Telling tales and painting pictures: Using creative and innovative methods in research with care experienced young people

Year: 2019

Author: Quarmby, Thomas, Hooper, Oliver, Sandford, Rachel, Duncombe, Rebecca

Type of paper: Abstract refereed

The literature to date has failed to provide an opportunity for the stories of care experienced young people (CEYP) to be heard, especially with regard to their perspectives on sport/physical activity (PA), and so our understanding of their experiences is limited (Quarmby et al., 2018). The Right to be Active (R2BA) project sought to address this ‘gap’ by utilising a narrative analysis and a storytelling approach to represent the voices of CEYP.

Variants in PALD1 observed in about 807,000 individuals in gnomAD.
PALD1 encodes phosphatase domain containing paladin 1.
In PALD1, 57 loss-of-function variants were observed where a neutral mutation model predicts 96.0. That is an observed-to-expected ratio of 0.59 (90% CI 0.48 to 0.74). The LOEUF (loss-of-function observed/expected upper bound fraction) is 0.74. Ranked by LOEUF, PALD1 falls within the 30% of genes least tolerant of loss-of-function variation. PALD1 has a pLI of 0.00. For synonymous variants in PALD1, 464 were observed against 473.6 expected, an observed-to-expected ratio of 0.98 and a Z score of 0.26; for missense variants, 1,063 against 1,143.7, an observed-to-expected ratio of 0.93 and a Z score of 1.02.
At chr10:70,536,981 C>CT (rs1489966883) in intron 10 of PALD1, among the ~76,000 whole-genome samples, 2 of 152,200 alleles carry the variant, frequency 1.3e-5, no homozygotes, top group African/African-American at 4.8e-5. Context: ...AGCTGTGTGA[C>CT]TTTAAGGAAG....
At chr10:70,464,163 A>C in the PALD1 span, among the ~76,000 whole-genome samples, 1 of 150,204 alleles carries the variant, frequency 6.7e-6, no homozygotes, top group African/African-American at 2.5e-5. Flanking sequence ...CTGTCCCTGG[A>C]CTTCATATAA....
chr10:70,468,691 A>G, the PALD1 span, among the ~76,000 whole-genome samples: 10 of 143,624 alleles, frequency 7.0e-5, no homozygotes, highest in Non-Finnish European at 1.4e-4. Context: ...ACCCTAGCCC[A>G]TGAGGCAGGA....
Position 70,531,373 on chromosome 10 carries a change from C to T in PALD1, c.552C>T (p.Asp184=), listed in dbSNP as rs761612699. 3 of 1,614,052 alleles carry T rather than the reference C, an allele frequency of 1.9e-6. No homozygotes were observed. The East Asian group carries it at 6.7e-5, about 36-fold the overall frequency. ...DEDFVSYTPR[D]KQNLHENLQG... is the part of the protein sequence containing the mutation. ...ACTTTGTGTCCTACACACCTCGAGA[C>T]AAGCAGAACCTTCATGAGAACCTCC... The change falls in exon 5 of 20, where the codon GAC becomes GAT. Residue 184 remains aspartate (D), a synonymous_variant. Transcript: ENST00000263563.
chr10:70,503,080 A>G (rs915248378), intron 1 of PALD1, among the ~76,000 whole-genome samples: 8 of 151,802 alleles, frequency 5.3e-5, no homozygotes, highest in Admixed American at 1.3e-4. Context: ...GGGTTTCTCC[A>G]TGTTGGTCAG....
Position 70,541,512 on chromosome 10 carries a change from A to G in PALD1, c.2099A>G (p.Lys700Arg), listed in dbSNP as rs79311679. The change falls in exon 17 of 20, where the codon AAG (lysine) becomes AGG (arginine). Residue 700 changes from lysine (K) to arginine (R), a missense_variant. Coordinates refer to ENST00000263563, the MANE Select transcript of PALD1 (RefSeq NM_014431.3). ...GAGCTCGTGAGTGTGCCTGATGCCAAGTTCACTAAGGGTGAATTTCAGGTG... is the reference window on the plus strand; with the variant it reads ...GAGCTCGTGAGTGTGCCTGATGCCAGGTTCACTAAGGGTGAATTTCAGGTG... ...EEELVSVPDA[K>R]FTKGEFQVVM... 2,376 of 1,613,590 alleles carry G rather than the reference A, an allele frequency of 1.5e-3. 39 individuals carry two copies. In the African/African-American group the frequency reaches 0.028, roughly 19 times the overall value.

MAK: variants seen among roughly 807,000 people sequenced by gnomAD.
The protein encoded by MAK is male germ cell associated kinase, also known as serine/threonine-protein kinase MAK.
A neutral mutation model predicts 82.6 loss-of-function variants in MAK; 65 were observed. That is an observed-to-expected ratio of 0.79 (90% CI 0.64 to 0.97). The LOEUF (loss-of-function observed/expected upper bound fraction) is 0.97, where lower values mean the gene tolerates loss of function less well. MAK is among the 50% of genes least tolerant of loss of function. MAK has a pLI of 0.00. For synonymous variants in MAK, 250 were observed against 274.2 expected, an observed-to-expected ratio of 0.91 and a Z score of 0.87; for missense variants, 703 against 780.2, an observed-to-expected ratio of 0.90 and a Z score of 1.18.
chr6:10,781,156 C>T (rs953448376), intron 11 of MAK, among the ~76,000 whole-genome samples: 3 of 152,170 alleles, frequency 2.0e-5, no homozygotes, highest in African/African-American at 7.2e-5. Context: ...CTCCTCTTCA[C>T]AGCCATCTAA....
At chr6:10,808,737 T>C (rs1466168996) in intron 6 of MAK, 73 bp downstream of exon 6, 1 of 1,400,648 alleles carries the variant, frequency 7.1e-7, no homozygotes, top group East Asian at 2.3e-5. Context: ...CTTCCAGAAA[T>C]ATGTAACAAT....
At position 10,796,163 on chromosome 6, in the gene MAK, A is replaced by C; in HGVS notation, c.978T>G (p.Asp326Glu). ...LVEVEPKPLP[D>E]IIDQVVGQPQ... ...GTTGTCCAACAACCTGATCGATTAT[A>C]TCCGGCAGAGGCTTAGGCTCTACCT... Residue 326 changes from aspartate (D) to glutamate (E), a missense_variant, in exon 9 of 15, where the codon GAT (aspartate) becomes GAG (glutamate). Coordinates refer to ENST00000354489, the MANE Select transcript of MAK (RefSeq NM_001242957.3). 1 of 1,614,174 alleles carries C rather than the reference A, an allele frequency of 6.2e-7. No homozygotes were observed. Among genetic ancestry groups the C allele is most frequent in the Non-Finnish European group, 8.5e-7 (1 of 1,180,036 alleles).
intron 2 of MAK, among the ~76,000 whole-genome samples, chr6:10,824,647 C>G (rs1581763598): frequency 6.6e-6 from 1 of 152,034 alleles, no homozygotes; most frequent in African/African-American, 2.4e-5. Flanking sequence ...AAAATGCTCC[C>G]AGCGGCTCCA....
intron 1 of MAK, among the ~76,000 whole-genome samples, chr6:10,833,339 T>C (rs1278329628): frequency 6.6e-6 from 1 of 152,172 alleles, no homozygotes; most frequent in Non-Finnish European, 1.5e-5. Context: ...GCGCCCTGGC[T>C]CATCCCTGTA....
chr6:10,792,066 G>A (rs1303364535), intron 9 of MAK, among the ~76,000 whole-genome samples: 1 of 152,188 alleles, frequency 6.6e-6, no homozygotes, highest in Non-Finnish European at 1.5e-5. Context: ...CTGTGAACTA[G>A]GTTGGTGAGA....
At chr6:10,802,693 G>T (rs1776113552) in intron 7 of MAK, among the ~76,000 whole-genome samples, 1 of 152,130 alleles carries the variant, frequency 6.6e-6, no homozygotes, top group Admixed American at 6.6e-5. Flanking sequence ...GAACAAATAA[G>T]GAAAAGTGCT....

The R2BA project drew broadly on a particular form of creative analytical practice (Richardson, 2000) known as creative non-fiction, whereby the stories generated were fictional in form but factual in content; grounded in real events and lived experiences. This paper will present the voices of four care-leavers (all aged over 18 and who had spent some time in care during their younger years) in the form of creative non-fiction portraits. The stories that are presented highlight the successes and challenges these four care-leavers have encountered with regard sport/PA, the meaning it plays in their daily lives and, importantly, what lessons might be learnt from their stories. The stories they tell will also be demonstrated by means of concept cartoons which represent composite creative non-fiction vignettes. Concept cartoons are a creative and innovative method, initially utilised by Hooper (2018) who adapted the idea from a pedagogical tool originally intended to support young people in learning about complex/abstract concepts. As part of the R2BA project, concept cartoons were developed based on the data generated with/by CEYP during the focus groups and interviews. These cartoons sought to represent CEYP’s varied perspectives on/experiences of sport/PA and were shared with participants (by means of repeat focus groups) in an attempt to ensure that CEYP felt that the cartoons accurately represented their views. Within the study, the use of concept cartoons was expanded beyond a data-generation tool, in that they were also used as a means of disseminating findings and representing/sharing the CEYP’s perspectives on/experiences of sport/PA with other CEYP (as well as adult stakeholders, including teachers and social workers) - highlighting their pedagogical potential. The findings from the R2BA study emphasise the value of adopting creative and innovative approaches to data generation and representation with CEYP within the field of sport/physical activity (and more broadly).